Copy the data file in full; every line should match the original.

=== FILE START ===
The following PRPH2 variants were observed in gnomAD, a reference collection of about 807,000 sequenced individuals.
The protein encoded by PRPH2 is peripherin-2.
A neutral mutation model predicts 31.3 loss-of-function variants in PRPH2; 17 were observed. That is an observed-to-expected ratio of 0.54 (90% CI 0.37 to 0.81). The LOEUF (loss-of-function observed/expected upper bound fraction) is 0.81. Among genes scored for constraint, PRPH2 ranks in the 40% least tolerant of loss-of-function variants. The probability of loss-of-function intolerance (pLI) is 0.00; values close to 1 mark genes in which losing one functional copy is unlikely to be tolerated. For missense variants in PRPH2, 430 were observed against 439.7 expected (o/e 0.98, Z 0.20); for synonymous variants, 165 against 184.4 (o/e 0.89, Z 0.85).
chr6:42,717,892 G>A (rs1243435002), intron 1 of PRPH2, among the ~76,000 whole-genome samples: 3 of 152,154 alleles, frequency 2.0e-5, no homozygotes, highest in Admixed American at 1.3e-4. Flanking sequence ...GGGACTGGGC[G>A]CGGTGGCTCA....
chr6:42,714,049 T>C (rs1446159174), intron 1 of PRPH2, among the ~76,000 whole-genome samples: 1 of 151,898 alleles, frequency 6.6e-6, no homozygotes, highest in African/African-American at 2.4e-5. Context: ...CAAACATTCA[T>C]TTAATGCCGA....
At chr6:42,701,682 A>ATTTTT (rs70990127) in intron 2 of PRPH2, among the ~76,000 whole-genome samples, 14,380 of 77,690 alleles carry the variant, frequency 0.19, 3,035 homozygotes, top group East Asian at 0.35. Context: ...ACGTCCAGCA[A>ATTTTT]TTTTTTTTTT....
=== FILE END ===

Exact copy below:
The following PRPH2 variants were observed in gnomAD, a reference collection of about 807,000 sequenced individuals.
The protein encoded by PRPH2 is peripherin-2.
A neutral mutation model predicts 31.3 loss-of-function variants in PRPH2; 17 were observed. That is an observed-to-expected ratio of 0.54 (90% CI 0.37 to 0.81). The LOEUF (loss-of-function observed/expected upper bound fraction) is 0.81. Among genes scored for constraint, PRPH2 ranks in the 40% least tolerant of loss-of-function variants. The probability of loss-of-function intolerance (pLI) is 0.00; values close to 1 mark genes in which losing one functional copy is unlikely to be tolerated. For missense variants in PRPH2, 430 were observed against 439.7 expected (o/e 0.98, Z 0.20); for synonymous variants, 165 against 184.4 (o/e 0.89, Z 0.85).
chr6:42,717,892 G>A (rs1243435002), intron 1 of PRPH2, among the ~76,000 whole-genome samples: 3 of 152,154 alleles, frequency 2.0e-5, no homozygotes, highest in Admixed American at 1.3e-4. Flanking sequence ...GGGACTGGGC[G>A]CGGTGGCTCA....
chr6:42,714,049 T>C (rs1446159174), intron 1 of PRPH2, among the ~76,000 whole-genome samples: 1 of 151,898 alleles, frequency 6.6e-6, no homozygotes, highest in African/African-American at 2.4e-5. Context: ...CAAACATTCA[T>C]TTAATGCCGA....
At chr6:42,701,682 A>ATTTTT (rs70990127) in intron 2 of PRPH2, among the ~76,000 whole-genome samples, 14,380 of 77,690 alleles carry the variant, frequency 0.19, 3,035 homozygotes, top group East Asian at 0.35. Context: ...ACGTCCAGCA[A>ATTTTT]TTTTTTTTTT....